Progression to active tuberculosis, but not transmission, varies by Mycobacterium tuberculosis lineage in The Gambia.


de Jong, BC; Hill, PC; Aiken, A; Awine, T; Antonio, M; Adetifa, IM; Jackson-Sillah, DJ; Fox, A; Deriemer, K; Gagneux, S; Borgdorff, MW; McAdam, KP; Corrah, T; Small, PM; Adegbola, RA; (2008) Progression to active tuberculosis, but not transmission, varies by Mycobacterium tuberculosis lineage in The Gambia. The Journal of infectious diseases, 198 (7). pp. 1037-43. ISSN 0022-1899 DOI: https://doi.org/10.1086/591504

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Abstract

BACKGROUND: There is considerable variability in the outcome of Mycobacterium tuberculosis infection. We hypothesized that Mycobacterium africanum was less likely than M. tuberculosis to transmit and progress to tuberculosis disease. METHODS: In a cohort study of patients with tuberculosis and their household contacts in The Gambia, we categorized 1808 HIV-negative tuberculosis contacts according to exposure to M. tuberculosis or M. africanum. Positive skin test results indicated transmission, and development of tuberculosis during 2 years of follow-up indicated progression to disease. RESULTS: Transmission rates were similar, but rates of progression to disease were significantly lower in contacts exposed to M. africanum than in those exposed to M. tuberculosis (1.0% vs. 2.9%; hazard ratio [HR], 3.1 [95% confidence interval {CI}, 1.1-8.7]). Within M. tuberculosis sensu stricto, contacts exposed to a Beijing family strain were most likely to progress to disease (5.6%; HR relative to M. africanum, 6.7 [95% CI, 2.0-22]). CONCLUSIONS: M. africanum and M. tuberculosis transmit equally well to household contacts, but contacts exposed to M. africanum are less likely to progress to tuberculosis disease than those exposed to M. tuberculosis. The variable rate of progression by lineage suggests that tuberculosis variability matters in clinical settings and should be accounted for in studies evaluating tuberculosis vaccines and treatment regimens for latent tuberculosis infection.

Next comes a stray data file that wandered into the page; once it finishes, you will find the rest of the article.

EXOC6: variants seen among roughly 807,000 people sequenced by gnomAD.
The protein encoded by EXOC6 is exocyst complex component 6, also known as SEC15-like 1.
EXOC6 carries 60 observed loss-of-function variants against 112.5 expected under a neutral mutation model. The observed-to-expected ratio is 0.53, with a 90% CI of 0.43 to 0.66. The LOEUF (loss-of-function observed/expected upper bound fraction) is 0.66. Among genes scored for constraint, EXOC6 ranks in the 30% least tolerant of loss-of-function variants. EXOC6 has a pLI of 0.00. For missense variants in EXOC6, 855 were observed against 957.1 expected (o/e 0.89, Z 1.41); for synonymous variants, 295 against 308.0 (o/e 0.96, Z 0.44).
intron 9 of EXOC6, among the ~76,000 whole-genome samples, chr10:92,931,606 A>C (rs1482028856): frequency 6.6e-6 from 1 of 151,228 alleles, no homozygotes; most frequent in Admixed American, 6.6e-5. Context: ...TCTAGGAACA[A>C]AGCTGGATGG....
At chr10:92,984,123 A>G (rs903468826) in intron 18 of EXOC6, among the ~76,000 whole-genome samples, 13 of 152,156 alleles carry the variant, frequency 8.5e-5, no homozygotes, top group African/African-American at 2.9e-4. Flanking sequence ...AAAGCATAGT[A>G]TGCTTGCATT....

Item Type: Article
Faculty and Department: Faculty of Infectious and Tropical Diseases > Dept of Clinical Research
PubMed ID: 18702608
Web of Science ID: 258979100013
URI: http://researchonline.lshtm.ac.uk/id/eprint/30636

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